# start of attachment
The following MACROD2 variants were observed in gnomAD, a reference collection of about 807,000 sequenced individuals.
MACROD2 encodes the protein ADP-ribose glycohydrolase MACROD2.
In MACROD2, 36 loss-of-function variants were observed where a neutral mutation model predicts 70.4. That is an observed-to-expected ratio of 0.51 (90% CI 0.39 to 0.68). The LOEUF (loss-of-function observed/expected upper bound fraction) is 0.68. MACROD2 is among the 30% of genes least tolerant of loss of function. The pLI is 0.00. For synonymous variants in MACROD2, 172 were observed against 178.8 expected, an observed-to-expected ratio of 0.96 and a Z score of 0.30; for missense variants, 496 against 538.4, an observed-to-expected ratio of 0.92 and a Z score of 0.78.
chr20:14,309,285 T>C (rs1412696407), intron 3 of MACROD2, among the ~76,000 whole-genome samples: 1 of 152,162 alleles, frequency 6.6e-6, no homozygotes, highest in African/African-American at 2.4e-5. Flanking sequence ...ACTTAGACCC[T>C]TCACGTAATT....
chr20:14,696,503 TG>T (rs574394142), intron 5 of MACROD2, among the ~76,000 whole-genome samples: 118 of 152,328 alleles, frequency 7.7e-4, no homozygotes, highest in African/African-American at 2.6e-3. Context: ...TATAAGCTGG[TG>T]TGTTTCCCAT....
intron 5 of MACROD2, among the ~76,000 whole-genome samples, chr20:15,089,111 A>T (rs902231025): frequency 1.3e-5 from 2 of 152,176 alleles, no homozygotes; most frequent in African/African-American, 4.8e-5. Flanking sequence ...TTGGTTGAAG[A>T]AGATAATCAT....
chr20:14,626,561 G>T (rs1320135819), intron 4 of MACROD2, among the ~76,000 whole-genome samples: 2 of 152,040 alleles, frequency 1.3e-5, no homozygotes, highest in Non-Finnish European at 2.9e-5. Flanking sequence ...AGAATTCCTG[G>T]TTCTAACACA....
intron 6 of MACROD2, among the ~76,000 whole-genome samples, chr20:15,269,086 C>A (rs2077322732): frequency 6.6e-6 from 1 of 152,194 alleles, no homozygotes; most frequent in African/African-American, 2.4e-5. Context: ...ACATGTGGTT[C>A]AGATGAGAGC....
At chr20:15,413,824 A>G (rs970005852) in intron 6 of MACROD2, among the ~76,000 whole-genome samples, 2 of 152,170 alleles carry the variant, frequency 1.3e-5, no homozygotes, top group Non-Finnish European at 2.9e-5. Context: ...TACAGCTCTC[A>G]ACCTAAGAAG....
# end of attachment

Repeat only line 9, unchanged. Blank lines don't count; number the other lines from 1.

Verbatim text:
At chr20:15,413,824 A>G (rs970005852) in intron 6 of MACROD2, among the ~76,000 whole-genome samples, 2 of 152,170 alleles carry the variant, frequency 1.3e-5, no homozygotes, top group Non-Finnish European at 2.9e-5. Context: ...TACAGCTCTC[A>G]ACCTAAGAAG....